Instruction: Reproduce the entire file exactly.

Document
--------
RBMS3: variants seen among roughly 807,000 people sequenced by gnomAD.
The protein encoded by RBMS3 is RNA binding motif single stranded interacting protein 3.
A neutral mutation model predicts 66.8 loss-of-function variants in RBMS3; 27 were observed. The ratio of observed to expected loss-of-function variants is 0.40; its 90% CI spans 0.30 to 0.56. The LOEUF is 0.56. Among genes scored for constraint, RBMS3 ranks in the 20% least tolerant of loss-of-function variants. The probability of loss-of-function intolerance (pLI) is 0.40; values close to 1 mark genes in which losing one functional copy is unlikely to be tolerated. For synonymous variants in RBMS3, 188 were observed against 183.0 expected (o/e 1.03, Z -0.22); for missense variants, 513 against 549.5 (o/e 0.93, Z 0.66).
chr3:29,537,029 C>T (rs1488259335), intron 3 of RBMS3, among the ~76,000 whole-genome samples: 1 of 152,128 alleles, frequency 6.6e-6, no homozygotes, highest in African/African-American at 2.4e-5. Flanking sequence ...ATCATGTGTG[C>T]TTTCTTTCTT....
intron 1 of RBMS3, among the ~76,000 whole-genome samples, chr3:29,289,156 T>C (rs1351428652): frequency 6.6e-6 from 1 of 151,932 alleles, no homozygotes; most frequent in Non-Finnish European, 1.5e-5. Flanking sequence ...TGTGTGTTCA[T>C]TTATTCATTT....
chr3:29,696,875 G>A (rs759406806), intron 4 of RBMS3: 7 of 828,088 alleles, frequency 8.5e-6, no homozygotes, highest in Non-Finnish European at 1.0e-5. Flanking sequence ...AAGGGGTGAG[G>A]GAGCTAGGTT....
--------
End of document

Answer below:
RBMS3: variants seen among roughly 807,000 people sequenced by gnomAD.
The protein encoded by RBMS3 is RNA binding motif single stranded interacting protein 3.
A neutral mutation model predicts 66.8 loss-of-function variants in RBMS3; 27 were observed. The ratio of observed to expected loss-of-function variants is 0.40; its 90% CI spans 0.30 to 0.56. The LOEUF is 0.56. Among genes scored for constraint, RBMS3 ranks in the 20% least tolerant of loss-of-function variants. The probability of loss-of-function intolerance (pLI) is 0.40; values close to 1 mark genes in which losing one functional copy is unlikely to be tolerated. For synonymous variants in RBMS3, 188 were observed against 183.0 expected (o/e 1.03, Z -0.22); for missense variants, 513 against 549.5 (o/e 0.93, Z 0.66).
chr3:29,537,029 C>T (rs1488259335), intron 3 of RBMS3, among the ~76,000 whole-genome samples: 1 of 152,128 alleles, frequency 6.6e-6, no homozygotes, highest in African/African-American at 2.4e-5. Flanking sequence ...ATCATGTGTG[C>T]TTTCTTTCTT....
intron 1 of RBMS3, among the ~76,000 whole-genome samples, chr3:29,289,156 T>C (rs1351428652): frequency 6.6e-6 from 1 of 151,932 alleles, no homozygotes; most frequent in Non-Finnish European, 1.5e-5. Flanking sequence ...TGTGTGTTCA[T>C]TTATTCATTT....
chr3:29,696,875 G>A (rs759406806), intron 4 of RBMS3: 7 of 828,088 alleles, frequency 8.5e-6, no homozygotes, highest in Non-Finnish European at 1.0e-5. Flanking sequence ...AAGGGGTGAG[G>A]GAGCTAGGTT....